Lecture 3 - Locke: Equality, Freedom, Property and the Right to Dissent

author: Iván Szelényi, Yale University
recorded by: Yale University
published: June 24, 2012,   recorded: September 2009,   views: 3044
released under terms of: Creative Commons Attribution No Derivatives (CC-BY-ND)

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John Locke, a liberal thinker and near-contemporary of the conservative Hobbes, disputes Hobbes's thinking in some keys ways and builds on it in others. Locke starts his political theory with a notion of individuals in the state of nature being free, equal and reasonable; the state of nature is not synonymous with the state of war for Locke as it is for Hobbes. Locke argues that states should protect the property of individuals and must govern with the consent of subjects. Unlike Hobbes's strong, unitary sovereign, Locke envisions a separation of the powers of the state into executive, legislative, and federative powers. We examine how Locke's political and social thought assumes an abundance of resources while Hobbes's thought is predicated on an assumption of scarcity.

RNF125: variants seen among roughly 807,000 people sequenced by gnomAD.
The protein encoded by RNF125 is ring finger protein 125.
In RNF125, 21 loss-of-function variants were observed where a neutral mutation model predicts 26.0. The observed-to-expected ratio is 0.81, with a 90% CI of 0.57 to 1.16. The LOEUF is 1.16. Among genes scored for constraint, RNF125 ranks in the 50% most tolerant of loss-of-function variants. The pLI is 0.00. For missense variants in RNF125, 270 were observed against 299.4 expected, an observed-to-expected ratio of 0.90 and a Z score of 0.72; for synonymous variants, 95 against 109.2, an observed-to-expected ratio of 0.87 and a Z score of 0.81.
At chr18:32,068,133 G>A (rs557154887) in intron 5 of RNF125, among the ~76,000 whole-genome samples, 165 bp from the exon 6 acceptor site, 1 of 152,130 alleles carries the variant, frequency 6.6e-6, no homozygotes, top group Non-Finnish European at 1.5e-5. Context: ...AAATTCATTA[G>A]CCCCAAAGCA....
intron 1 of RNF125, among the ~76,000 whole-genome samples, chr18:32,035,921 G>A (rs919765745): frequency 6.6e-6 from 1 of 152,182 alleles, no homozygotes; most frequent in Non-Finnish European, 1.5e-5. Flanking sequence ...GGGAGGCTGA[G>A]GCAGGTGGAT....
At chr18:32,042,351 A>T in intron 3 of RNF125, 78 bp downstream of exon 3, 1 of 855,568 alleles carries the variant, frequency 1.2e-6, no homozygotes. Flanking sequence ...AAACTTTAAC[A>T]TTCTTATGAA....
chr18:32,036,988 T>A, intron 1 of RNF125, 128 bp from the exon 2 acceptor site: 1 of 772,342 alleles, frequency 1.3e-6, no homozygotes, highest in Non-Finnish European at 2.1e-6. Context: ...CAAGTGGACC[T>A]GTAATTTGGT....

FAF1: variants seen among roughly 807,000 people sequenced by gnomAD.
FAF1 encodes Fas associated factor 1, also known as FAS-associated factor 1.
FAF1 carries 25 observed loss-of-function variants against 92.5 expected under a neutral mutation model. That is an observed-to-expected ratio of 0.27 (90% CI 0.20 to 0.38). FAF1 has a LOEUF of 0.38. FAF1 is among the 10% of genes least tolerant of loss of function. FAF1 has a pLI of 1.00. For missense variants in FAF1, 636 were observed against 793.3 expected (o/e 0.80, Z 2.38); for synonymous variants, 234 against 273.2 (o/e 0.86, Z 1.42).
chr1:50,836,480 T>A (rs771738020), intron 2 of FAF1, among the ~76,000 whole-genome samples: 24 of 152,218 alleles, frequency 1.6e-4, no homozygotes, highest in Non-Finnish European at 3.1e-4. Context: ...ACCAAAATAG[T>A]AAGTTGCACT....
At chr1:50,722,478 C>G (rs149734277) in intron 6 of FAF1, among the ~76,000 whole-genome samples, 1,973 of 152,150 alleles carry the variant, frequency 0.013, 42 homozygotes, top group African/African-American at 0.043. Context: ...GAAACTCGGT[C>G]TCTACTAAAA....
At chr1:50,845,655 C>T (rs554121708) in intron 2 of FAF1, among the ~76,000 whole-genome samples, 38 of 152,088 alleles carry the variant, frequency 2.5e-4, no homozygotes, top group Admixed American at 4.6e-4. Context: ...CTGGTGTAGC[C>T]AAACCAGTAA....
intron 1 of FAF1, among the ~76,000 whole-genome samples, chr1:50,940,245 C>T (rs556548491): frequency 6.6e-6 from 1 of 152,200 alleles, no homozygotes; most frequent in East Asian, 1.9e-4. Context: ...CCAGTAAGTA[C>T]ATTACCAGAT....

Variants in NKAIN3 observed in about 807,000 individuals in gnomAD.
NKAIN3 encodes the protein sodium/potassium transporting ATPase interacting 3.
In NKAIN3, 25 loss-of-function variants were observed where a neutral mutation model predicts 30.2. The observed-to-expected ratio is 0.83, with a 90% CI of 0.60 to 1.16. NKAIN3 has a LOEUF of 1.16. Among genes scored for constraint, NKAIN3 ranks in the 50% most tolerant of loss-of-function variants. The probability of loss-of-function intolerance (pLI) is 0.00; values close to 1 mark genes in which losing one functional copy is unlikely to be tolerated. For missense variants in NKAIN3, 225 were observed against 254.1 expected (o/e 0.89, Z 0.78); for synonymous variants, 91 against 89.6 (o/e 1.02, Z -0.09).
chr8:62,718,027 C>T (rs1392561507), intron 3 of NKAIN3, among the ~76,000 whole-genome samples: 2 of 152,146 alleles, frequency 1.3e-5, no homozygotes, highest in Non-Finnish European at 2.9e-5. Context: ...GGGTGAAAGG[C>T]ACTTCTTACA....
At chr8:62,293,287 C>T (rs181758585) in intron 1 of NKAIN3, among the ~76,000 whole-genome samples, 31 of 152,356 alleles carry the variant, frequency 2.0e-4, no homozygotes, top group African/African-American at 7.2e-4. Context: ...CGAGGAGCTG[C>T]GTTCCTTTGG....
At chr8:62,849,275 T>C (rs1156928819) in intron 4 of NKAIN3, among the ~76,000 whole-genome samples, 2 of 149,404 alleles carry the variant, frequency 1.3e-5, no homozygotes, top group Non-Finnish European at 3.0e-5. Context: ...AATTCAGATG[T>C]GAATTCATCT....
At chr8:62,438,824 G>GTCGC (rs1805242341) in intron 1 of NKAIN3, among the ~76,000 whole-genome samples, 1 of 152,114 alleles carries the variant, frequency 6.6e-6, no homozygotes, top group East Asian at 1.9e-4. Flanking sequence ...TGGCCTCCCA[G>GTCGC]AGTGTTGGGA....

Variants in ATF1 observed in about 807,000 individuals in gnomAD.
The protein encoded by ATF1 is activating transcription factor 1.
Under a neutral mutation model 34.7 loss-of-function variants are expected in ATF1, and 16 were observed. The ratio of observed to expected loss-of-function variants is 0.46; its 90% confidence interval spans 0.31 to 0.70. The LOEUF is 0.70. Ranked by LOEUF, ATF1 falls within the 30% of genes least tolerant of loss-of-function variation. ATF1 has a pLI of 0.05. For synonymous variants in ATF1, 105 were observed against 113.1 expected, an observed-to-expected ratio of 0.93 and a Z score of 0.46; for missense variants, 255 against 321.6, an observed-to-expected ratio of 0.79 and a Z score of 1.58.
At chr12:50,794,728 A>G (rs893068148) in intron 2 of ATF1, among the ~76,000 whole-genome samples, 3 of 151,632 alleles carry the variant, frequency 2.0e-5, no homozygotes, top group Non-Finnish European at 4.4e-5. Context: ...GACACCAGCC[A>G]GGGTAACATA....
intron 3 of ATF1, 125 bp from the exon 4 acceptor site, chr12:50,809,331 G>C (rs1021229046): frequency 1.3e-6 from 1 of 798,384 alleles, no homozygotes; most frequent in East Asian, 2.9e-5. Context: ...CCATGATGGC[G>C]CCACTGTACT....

Reading assignment:

Locke, Second Treatise of Government

- Chapter 1-5, pp. 267-302
- Chapter 7-13, pp. 318-374

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